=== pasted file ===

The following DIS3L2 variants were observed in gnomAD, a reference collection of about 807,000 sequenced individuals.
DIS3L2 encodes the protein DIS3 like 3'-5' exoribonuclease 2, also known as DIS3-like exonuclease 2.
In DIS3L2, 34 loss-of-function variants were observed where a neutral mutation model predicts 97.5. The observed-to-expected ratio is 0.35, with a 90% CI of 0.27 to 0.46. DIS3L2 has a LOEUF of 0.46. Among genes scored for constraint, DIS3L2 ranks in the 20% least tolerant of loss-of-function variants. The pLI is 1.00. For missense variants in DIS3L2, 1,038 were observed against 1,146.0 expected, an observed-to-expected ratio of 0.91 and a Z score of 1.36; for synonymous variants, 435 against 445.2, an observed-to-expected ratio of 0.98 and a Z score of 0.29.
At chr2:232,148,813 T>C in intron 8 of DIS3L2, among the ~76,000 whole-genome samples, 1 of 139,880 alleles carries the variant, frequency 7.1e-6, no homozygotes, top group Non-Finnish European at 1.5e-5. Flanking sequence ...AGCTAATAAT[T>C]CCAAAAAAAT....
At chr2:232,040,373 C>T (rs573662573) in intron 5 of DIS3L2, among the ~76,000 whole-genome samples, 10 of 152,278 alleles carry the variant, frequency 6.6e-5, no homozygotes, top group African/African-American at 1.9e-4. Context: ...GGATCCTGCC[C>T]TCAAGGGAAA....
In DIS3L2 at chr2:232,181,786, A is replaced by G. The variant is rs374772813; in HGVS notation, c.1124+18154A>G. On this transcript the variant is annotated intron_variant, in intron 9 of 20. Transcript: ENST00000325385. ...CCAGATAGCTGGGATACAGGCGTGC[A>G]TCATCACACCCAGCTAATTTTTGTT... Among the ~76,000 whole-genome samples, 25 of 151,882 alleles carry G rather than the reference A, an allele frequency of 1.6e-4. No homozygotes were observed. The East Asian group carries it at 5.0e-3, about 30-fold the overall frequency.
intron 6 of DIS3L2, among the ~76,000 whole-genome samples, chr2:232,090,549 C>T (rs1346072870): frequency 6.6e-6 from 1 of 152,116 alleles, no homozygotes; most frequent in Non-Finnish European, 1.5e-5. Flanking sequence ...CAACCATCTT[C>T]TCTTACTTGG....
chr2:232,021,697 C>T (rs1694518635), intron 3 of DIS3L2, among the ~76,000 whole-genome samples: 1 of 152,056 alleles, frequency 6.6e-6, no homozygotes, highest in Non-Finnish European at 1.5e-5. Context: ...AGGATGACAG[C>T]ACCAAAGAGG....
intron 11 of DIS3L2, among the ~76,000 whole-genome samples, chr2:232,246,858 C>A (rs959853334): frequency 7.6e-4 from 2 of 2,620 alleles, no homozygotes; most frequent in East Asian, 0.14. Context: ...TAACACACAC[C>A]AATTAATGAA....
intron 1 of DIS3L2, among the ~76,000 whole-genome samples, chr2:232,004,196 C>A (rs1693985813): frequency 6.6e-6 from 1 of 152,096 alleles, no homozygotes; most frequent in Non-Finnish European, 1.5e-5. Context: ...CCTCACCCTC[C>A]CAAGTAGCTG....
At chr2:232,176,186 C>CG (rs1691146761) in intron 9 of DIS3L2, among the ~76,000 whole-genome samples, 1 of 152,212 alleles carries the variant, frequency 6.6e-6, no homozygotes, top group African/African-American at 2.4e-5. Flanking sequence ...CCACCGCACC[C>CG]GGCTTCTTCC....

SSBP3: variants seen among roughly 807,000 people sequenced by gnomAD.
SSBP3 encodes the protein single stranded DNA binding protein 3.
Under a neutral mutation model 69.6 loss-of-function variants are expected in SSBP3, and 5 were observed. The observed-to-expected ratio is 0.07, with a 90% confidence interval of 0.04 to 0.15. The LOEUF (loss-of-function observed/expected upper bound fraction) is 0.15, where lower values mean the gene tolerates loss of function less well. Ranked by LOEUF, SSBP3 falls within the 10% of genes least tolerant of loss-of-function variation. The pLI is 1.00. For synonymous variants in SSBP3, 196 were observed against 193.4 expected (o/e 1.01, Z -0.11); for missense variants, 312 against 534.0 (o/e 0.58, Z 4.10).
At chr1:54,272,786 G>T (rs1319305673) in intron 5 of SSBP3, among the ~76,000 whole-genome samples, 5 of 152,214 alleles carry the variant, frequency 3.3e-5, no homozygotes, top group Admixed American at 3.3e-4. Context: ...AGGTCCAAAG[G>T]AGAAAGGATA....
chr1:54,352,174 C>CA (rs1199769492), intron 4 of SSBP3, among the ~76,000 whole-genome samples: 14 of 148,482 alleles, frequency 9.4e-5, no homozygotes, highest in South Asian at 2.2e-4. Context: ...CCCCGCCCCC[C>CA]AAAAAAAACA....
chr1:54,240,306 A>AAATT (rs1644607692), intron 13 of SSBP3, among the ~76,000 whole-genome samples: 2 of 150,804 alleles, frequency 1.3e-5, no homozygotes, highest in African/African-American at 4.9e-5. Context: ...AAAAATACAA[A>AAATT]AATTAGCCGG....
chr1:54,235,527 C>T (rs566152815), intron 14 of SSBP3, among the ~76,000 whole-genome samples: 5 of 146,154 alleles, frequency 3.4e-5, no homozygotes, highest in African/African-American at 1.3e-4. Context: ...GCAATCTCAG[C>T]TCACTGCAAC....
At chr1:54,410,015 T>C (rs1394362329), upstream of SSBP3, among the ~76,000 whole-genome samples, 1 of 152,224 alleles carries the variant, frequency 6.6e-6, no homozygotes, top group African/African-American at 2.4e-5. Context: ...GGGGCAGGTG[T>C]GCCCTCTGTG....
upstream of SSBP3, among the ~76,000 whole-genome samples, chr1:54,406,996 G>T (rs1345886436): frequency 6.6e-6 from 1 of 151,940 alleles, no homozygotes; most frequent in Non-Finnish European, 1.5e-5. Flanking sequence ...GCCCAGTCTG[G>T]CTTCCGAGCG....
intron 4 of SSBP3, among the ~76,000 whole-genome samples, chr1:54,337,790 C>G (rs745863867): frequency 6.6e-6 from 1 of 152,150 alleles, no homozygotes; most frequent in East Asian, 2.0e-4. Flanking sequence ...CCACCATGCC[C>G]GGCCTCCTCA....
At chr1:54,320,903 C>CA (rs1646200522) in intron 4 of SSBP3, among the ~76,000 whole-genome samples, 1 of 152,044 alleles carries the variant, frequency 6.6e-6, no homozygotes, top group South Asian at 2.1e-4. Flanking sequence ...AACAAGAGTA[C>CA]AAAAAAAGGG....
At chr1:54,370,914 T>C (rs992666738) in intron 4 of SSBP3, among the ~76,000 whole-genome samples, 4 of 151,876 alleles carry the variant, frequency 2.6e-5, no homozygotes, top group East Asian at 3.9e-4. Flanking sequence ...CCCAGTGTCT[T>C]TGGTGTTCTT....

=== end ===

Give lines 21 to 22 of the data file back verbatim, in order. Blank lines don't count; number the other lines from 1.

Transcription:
intron 4 of SSBP3, among the ~76,000 whole-genome samples, chr1:54,337,790 C>G (rs745863867): frequency 6.6e-6 from 1 of 152,150 alleles, no homozygotes; most frequent in East Asian, 2.0e-4. Flanking sequence ...CCACCATGCC[C>G]GGCCTCCTCA....
At chr1:54,320,903 C>CA (rs1646200522) in intron 4 of SSBP3, among the ~76,000 whole-genome samples, 1 of 152,044 alleles carries the variant, frequency 6.6e-6, no homozygotes, top group South Asian at 2.1e-4. Flanking sequence ...AACAAGAGTA[C>CA]AAAAAAAGGG....